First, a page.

Thursday, 8 April 2010

Sheds on the Winter Range

From Antelope and Deer of North America by John Dean Canton Hurd and Houghton, NY 1877

After the rut in late October the mule deer herd up on the winter range until spring. In mid-February the bucks drop their antlers and, by the time the velvet covered antlers really start to come in, they'll have disappeared to where ever it is that hide until the rut of the following year.  The land all around us is winter range for these large herds of mule deer. It is textbook mule deer habitat. Some of the range is protected. No vehicles are allowed from November until April in the National Forest to the south of us and on the Sheep Mountain preserve, where vehicles are never allowed, access is generally prohibited. In an attempt to preserve winter range there are covenants on the property we own and  on adjacent lands which disallow recreational snowmobile use in winter and ATV use in summer.  It is something.

In January I started seeing two large bucks running with a herd of does the live in the sage country on the ridge to the south of our house.  In the mornings I see them down low, coming to drink from the creek, and by mid morning they browse their way back up toward the ridge tops. Some evenings I see them dramatically silhouetted on the skyline. On February 6th I photographed the deer bedded down on the ridge through the living room window.  I hand held my Canon G-10 to get a shot through a Swarovski CT-75 spotting scope at 35X.  The bucks were bedded down on a hilltop about a half a mile away.

A week after I took the photos Andy stopped by. He passed by the house while he was out scouting elk in anticipation of collecting antler sheds later in the year.   Andy feeds his family almost exclusively on elk, goose and grouse.  He spends much of the year following the elk, whether it's hunting season or not. In the spring when they drop their antlers he's right there to collect them.  More than once he's told me the story of glassing a herd with some nice bulls, driving on and passing back by later in the afternoon and noticing that one of the bulls had dropped his antlers.  This makes for easy pickings, but you need to be out there every day, watching and waiting. 

Shed hunting has become such a popular (and competitive) pastime that the state of Game and Fish department in Wyoming have passed regulations to try to give the animals on winter range a break.  The new regulation makes it a violation to collect antlers on public lands from January 1st to April 30th west of the continental divide (we're east of the divide).  When he stopped in, Andy told me the mule deer had already dropped their antlers. I protested showing him the photos I'd taken just the week before.  "Well, soon." he said.  The next day I saw one of the bucks sitting up on the ridge top with only one antler. I tried to get a photo, but he moved by the time I got the scope, tripod and camera set up.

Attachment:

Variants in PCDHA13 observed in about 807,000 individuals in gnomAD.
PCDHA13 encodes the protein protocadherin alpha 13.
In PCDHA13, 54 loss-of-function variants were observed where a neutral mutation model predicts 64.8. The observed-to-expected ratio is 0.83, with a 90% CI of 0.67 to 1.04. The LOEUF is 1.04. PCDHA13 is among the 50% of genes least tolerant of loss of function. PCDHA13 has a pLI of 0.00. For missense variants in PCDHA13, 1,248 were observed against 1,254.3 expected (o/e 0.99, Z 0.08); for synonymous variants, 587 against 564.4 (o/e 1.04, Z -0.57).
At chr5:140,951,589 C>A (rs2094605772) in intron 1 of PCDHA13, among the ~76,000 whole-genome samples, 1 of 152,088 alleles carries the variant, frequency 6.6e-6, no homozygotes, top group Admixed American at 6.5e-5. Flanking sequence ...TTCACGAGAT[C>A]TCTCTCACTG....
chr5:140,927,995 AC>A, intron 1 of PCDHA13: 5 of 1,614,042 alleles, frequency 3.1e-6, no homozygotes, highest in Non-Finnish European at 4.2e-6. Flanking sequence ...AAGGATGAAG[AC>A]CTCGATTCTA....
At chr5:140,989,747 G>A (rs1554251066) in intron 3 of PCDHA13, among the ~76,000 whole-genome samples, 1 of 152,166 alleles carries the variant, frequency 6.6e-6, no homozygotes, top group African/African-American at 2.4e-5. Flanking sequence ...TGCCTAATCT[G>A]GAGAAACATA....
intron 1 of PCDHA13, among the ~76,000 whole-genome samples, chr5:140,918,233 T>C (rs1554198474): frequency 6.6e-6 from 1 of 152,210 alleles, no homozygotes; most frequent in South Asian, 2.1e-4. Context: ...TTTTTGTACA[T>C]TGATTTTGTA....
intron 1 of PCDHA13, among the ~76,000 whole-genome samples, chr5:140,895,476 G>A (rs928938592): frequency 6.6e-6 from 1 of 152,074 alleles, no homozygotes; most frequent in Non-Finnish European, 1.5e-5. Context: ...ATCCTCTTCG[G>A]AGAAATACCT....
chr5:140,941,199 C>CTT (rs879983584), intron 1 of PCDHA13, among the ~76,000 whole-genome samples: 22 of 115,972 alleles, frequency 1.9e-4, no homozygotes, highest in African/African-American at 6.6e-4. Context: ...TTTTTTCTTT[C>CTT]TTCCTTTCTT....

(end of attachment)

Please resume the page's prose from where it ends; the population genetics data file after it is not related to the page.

I've been meaning to walk up there ever since. We've had a series of spring snowstorms that have kept the ridgetops under snow.  With the snow disappearing on the east and south facing slopes on Sunday P and I hiked up to the top of the ridge on Sunday.   I doubted we'd find anything, when they're undisturbed the range of this herd is an area of about 500 acres of mostly heavy sagebrush country. We really didn't have time to scour the whole area but it was worth a look, and I wanted to go up to the spot where they'd been bedding during the afternoons.   As we walked up the hill we pushed a large part of the herd in front of us. I shot some crude video of them.  If you watch it, pay attention to the middle of the image at the beginning.  The herd is so well camouflaged they are virtually invisible, and then when they start moving the  landscape just comes alive.

I started looking in earnest when I got to the place where I'd seen the buck with the missing antler bedded down.  We spread out a bit and I found an antler almost immediately, as far as I can tell, it was the exact spot I'd seen him in.  There was another antler, partially buried in the snow, ten yards away.  These were clearly the antlers from one of the two bucks I'd photographed.  And then, on the other side of the ridge, I found another.  This was clearly an antler from the other other buck I'd photographed, the one with shorter but much thicker antlers.

I searched for the other one of the pair but the wind was blowing and the sun was dropping and we did not find it (yet.) 

The antlers have been sitting on the dinning room table for a few days now.  There is a thread that stretches from the antlers on the table back through time to the memory of those bucks bedded on the hill above. That same thread connects me  to the animals that I saw on the ridge this morning and see every day.  Without their antlers the bucks are indistinguishable from the does now, the does are carrying the next generation of deer that are the offspring of the two bucks whose antlers sit on my table.

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